During his brief tenure, Joe Douglas has thus far employed a measured and conservative approach to free agency. He hasn’t dolled out enormous globs of guaranteed money, he’s targeted cheaper value players to fill specific roles and he’s avoided the big ticket free agents. It’s a smart blueprint! It’s an approach most smart teams employ, and it’s the approach I hope Douglas continues to utilize going forward. 


Given the extraordinary circumstances or this offseason, this may be the year to bend that Golden Rule just a bit.  

In all likelihood, the Jets will be nursing a bouncing baby boy at quarterback this season. If they want to avoid the mistakes of their past, they have to be aggressive in upgrading the offensive line and protecting their new prized asset. Luckily for them, the salary cap dipping may create a rare buyers market in free agency: there could be more quality offensive linemen than there is money to spend on them. If there was ever a time for Douglas to get aggressive with the offensive line, this is it. Let’s take a look at how he might do it. 


Alex Lewis, OGMekhi Becton, OT… George Fant, OT… Connor McGovern, C.. Greg Van Roten, OG… Cameron Clark, OG…Chuma Edoga, OG… Conor McDermott, OT & Jimmy Murray, who cares

Becton and McGovern are the only two absolute locks to return; Becton because he’s already a cornerstone player and McGovern because he’s too expensive to cut. Lewis is likely to be cut after he was paid roughly $7M last year to be Adam Gase’s publicist.

Van Roten and Fant were respectable but aren’t nearly as good as you’d ideally want out of your starters. They’re passable enough that the Jets can survive with them as starters for another season, but Douglas would be foolish to pass up a potential upgrade if one is staring him in the face. 

So, the Jets are going to need two upgrades across their offensive line. Perhaps even three. One year after completely nuking the line and starting from scratch, JD still has a ton of work to do.


Josh Andrews, C

That’s it. That’s the list.

Andrews, a veteran journeyman from Rex Hogan’s time with the Colts, was the swing backup at every IOL spot and was about as ghastly as you might expect. It wouldn’t be the end of the world if they brought Andrews back at the league minimum as a camp body, but the Jets can and absolutely should look to find better depth.


The Big Fish– Brandon Scherff, Joe Thuney, Gabe Jackson, Corey Linsley

The Minnows– Nick Martin, John Feliciano, Austin Blythe, Pat Elflein, Tom Compton, John Miller, Nick Easton, Lane Taylor, Rick Wagner, Alex Mack

The Jets and Thuney reportedly had a handshake agreement before the start of free agency last year after engaging in what can only be assumed was tamper- I mean LEGAL tampering! If that’s true, then pivoting back to Thuney this offseason would make a lot of sense for both sides. Going after Linsley would also be a logical move; adding one of the top centers in football would allow the Jets to kick McGovern over to guard, perhaps upgrading two spots with one signing.

If Douglas decides to stick to his penny pinching approach, there are still a lot of intriguing options available. For example: Jon Feliciano and Austin Blythe are two highly underrated players who would come at a significantly lower cost than the top linemen on the market. Blythe, should he make it to free agency, is particularly interesting. The Rams paid Blythe less than $4M last year on a one year “prove it” contract, and he responded with a rock solid 69.3 PFF grade at Center. Feliciano also made a measly $4M last year whilst not allowing a single sack in his nine starts. Both are under thirty and both recorded PFF grades higher than every Jets starter except for Mekhi Becton. Something to keep an eye on.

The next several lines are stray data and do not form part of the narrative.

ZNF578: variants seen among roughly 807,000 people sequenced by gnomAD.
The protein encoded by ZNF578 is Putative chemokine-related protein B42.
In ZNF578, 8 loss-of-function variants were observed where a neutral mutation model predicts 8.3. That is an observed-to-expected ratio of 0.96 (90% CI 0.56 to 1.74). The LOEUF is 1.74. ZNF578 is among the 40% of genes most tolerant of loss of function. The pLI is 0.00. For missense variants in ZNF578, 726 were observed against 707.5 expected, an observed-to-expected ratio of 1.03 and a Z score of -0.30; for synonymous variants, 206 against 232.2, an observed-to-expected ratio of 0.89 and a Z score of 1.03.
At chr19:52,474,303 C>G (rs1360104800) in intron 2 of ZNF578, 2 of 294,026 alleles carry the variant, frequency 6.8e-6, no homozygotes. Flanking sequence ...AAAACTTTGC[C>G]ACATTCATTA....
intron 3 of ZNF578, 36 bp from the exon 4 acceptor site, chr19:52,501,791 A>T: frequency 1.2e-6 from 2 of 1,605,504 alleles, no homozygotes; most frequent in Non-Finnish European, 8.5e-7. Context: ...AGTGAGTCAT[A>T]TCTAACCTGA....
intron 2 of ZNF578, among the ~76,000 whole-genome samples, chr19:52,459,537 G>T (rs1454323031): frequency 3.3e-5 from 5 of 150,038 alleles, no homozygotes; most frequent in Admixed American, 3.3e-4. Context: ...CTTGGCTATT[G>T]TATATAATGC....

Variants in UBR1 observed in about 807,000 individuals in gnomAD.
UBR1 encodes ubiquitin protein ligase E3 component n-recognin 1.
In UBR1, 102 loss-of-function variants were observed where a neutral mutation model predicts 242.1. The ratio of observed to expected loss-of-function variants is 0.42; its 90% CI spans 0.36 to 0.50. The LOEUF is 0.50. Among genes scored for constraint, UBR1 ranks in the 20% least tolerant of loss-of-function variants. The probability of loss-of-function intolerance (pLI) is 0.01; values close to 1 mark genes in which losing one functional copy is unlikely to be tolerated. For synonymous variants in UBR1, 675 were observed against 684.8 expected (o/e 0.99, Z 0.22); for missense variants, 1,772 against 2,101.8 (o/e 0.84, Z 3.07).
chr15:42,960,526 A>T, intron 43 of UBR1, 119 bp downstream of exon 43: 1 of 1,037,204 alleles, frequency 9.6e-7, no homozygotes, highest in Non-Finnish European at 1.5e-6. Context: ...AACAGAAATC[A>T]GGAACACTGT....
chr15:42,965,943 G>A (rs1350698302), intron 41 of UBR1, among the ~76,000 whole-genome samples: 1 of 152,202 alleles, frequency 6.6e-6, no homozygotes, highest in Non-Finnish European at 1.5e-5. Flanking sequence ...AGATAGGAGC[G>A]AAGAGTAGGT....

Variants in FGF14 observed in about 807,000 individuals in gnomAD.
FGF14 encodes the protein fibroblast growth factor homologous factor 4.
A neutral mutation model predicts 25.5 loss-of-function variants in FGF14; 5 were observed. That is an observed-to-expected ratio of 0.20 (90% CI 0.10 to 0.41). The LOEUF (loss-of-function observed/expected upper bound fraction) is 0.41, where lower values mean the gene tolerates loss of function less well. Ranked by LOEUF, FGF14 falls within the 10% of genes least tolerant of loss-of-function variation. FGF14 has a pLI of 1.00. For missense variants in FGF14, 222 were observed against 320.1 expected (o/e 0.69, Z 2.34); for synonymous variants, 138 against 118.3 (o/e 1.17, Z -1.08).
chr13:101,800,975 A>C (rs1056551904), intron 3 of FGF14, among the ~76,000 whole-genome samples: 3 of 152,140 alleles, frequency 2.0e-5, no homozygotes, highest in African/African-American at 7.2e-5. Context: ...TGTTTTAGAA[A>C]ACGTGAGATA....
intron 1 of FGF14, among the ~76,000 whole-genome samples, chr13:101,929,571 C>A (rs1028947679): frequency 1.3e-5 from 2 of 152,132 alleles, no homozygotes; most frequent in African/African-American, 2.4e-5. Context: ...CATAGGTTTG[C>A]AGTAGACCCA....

Kevin Zeitler, Trai Turner, Andrew Norwell, & Trent Brown. 

This is where things could get really topsy-turvy. With the salary cap shrinking in 2021, a lot of teams are looking to tighten their belts. That means a whole bunch of talented offensive linemen who have no business being available are about to hit the market. Above are some of the names that are rumored to be available in a trade, and failing that, will be cut outright. All are Pro Bowl quality players when at their best and all are options worth exploring at the right price. 

This may be a hot take, but Brown is the guy I’m most interested in. When healthy, he’s one of the best Right Tackles in football…an immense upgrade over George Fant and is one year younger. More importantly, can you imagine pairing Mekhi Becton with Trent Brown? The only player in the entire league bigger than him?

Good Lord.

The Jets could save almost $8M by cutting Fant; or, if they were worried about both Brown and Becton’s injury history, they could keep Fant as an expensive swing tackle (he has experience at both tackle spots). $8.5M is pretty pricy for a backup but if Becton’s size continues to cause nagging injures, the Jets may consider a swing tackle who’s just good enough to get you through a few games in a pinch to be worth paying a premium for.

Again, just something to think about. 


My final prediction is the Jets will focus primarily on the interior offensive line. Douglas will break from his typically conservative mantras and snag at least one of the “big fish” free agents (likely Thuney, Scherff, or Linsley) before tacking on a few cheaper depth signings to fill out the line.

Douglas would be wise to augment this new core with considerable draft capital. The Jets should spend one of their top 100 picks on the offensive line, and then another one or two in the later rounds. Injecting some talent through free agency is fine, but the Jets will quickly find themselves back to square one if they can’t replicate what every other successful franchise has managed to do: construct a pipeline of young offensive line talent through the draft.